Are you distracted from an overflowing inbox that seems to haunt you 24/7? Do you struggle to keep up with all the Slack threads, zoom requests and messages you get in a day? Do you find yourself cringing at the dulcet tones of your mobile phone message notifications? In this era of instant communications, social media and rapidly changing technologies, communication overload is becoming a very real and increasingly common issue. Read on to find out what communication overload is and learn 5 strategies to help reduce the overwhelm you’re feeling and to keep you focused on the top priorities in your work and life.
What is communication overload?
Communication overload occurs when you have more communication demands and channels than you can handle. In the workplace, you’re likely to experience communication overload when you’re overwhelmed by excessive emails, instant messages, phone calls, texts and social media updates.
What are the effects of communication overload?
Communication overload can seem like a minor gripe, or at least something that we all have to put up with; but in fact it can have seriously detrimental effects in the workplace, such as:
Reduced productivity due to constant interruption and context-shifting.
Communication overload can be enervating, sapping staff of their mental energy.
Analysis-paralysis or decision fatigue can impair effective decision-making.
Bury important information underneath communication “cruft”.
Communication overload can also contribute to stress and burnout.
Some research even suggests that it can lower your IQ by 10 points.
How to deal with communication overload
So communication overload can be a real problem, but what can you do to overcome it? Here are five strategies we recommend for overcoming communication overload so you can reclaim your focus and productivity.
1. Check your emails at set intervals throughout the day
If you have some flexibility in your work, close your inbox or turn off notifications so you don’t get prompted every time an email is delivered. Then use your time strategically and focus on your priority tasks in blocks of time throughout the day without interruption. You can still check your email often and be responsive, but is it really necessary to respond to every email within 30 seconds? Probably not.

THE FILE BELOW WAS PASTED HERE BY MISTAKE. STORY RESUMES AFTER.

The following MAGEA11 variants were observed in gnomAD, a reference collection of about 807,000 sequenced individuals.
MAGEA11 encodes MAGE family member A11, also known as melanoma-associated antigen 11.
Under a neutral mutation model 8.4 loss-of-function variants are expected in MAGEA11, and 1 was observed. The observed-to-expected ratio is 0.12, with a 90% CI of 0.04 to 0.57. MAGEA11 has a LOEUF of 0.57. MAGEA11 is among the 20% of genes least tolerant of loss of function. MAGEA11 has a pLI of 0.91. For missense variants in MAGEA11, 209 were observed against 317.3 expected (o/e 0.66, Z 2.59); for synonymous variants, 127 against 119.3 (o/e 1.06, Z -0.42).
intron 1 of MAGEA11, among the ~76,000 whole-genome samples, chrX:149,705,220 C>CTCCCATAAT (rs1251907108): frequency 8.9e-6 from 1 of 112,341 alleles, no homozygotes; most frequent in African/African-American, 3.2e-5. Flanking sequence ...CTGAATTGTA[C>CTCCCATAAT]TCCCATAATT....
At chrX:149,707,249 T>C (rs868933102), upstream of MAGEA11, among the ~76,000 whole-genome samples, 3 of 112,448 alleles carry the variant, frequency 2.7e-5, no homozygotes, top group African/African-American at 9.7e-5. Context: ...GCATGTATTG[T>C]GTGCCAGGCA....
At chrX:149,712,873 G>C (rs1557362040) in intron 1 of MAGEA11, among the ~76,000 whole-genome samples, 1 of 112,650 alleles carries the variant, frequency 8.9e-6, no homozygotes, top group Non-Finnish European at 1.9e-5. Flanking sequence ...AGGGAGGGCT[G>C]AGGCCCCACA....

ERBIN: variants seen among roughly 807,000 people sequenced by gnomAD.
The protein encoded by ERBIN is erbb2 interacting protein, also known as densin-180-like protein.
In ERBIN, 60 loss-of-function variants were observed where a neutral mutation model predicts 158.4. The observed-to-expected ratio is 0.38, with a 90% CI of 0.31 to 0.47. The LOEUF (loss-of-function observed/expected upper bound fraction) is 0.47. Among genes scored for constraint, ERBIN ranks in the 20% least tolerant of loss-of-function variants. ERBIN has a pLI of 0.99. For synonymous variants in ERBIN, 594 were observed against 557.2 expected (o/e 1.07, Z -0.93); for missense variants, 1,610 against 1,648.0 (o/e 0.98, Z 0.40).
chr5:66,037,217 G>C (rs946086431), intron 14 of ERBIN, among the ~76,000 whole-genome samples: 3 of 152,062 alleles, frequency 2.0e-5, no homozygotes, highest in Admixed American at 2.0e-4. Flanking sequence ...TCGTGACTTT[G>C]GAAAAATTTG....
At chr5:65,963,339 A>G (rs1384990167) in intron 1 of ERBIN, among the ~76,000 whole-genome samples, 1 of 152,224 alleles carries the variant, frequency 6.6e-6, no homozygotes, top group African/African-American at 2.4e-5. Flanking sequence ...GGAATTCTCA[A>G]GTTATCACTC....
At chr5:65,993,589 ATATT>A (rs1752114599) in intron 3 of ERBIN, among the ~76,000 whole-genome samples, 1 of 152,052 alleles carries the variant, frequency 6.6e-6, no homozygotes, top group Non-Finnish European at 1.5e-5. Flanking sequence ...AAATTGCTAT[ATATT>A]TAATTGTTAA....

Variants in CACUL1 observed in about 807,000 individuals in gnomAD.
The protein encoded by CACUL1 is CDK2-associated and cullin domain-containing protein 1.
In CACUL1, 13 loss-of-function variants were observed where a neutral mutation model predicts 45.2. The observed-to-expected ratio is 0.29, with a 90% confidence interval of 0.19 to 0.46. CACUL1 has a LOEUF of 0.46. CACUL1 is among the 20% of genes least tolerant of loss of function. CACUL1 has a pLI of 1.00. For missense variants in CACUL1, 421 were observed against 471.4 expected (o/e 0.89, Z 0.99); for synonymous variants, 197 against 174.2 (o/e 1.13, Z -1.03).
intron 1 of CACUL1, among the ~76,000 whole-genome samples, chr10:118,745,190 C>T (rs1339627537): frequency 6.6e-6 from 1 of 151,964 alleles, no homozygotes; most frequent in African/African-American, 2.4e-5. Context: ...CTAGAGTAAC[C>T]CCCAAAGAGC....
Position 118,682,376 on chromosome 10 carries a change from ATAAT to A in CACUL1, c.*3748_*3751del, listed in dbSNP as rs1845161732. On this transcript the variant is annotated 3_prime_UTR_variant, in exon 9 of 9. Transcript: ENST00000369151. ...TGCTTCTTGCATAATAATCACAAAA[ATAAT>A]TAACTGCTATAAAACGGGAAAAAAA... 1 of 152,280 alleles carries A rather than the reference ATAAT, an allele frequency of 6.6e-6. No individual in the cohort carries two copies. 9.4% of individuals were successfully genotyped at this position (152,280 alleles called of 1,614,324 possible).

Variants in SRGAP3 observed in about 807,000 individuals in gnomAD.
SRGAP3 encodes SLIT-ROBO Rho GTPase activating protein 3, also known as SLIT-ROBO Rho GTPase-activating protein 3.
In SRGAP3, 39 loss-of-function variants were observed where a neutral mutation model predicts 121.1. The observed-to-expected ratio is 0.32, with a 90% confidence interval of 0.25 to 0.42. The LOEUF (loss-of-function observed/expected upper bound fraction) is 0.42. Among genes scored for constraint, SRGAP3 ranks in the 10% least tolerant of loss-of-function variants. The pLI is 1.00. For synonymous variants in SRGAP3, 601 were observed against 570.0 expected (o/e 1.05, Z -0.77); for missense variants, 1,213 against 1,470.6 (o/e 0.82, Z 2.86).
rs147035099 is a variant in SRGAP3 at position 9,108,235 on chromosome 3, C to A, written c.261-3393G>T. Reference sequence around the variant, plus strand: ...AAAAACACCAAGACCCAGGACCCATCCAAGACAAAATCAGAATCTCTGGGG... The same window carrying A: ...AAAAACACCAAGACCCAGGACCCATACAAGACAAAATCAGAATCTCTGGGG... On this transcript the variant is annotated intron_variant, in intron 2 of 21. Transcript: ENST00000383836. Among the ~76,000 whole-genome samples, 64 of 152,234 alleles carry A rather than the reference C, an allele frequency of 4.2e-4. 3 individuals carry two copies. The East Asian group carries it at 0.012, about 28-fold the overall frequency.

2. Create folders in your inbox to triage important information
In the same way that triage works in a hospital to determine priority patients, creating folders in your inbox can help you to prioritise and usefully categorise incoming mail in order of importance. Consider the following folder categories to help you get started:
To make life easier, check out how to set up “rules” in Microsoft Outlook to automate the above processes and leave you a cleaner Inbox for better prioritisation.
3. Turn off social media notifications
Smartphones make our personal and professional lives easier in many ways, but if you’re glancing at your phone every minute of every day and responding to Facebook and LinkedIn notifications as they happen immediately, then it’s time to take it back a notch and reassess your priorities. Social media can be a great tool for business and a modern-day gem for keeping in touch. Turning off your social notifications doesn’t mean you will be any less connected, but instead you can check notifications at times during your day that suits your schedule and priorities. It means checking all of your notifications at once when you consciously log into Facebook, and not receiving 50 notifications each day as they happen. The secret is to create habits which put you in control of your notifications, not the other way around. You can follow this instruction on how to turn off notifications for your computer, either Windows or Mac.
4. Choose your communication channels wisely
Email is a critical tool in many businesses, but if you’re trying to avoid communication overload, just be sure you’re choosing your own communication channels wisely and with intention. Sometimes we default to email because it’s easier. At times, however, it will be more effective to pick up the phone and actually speak with someone, rather than start an email conversation that can go back and forth for days. Keep this in mind, and don’t add to the communication overload of others in the workplace. You may find, too, that if you’re more mindful of the communication demands you’re putting on other people, the more mindful they are towards you in return.
5. Book in communication detox days
If you’ve implemented the previous 4 strategies and you’re still feeling the communication overload in your life, then it’s probably time to book in some communication detox days. You know those days where you actually switch off everything and your only focus is rest and relaxation? Sometimes it’s not easy to escape the rat race, and it’s even tougher to switch every device you have off for a period of time. Perhaps it’s a fear of missing out, or perhaps it’s habit, but either way, communication overload is a real thing that you, as a busy professional, need to manage. So switch on your out of office messages, and get off the grid for a day every so often. The world will go on without you and you’ll be glad you did.
How do you manage communication overload?
How do you combat communication overload in your professional and personal life? We’d love to hear your strategies for toning down the noise and focusing on what is truly important. Comment below to join the conversation. This article was written by Ellenor Day-Lutz on behalf of the Australian Institute of Business. All opinions are that of the writer and do not necessarily reflect the opinion of AIB.
*The Australian Institute of Business (AIB) is Australia’s largest provider of MBAs. Source Ready, B. (2023) Domestic Enrolments Surged During COVID After International Students Locked Out, MBA News. Available at: MBA News.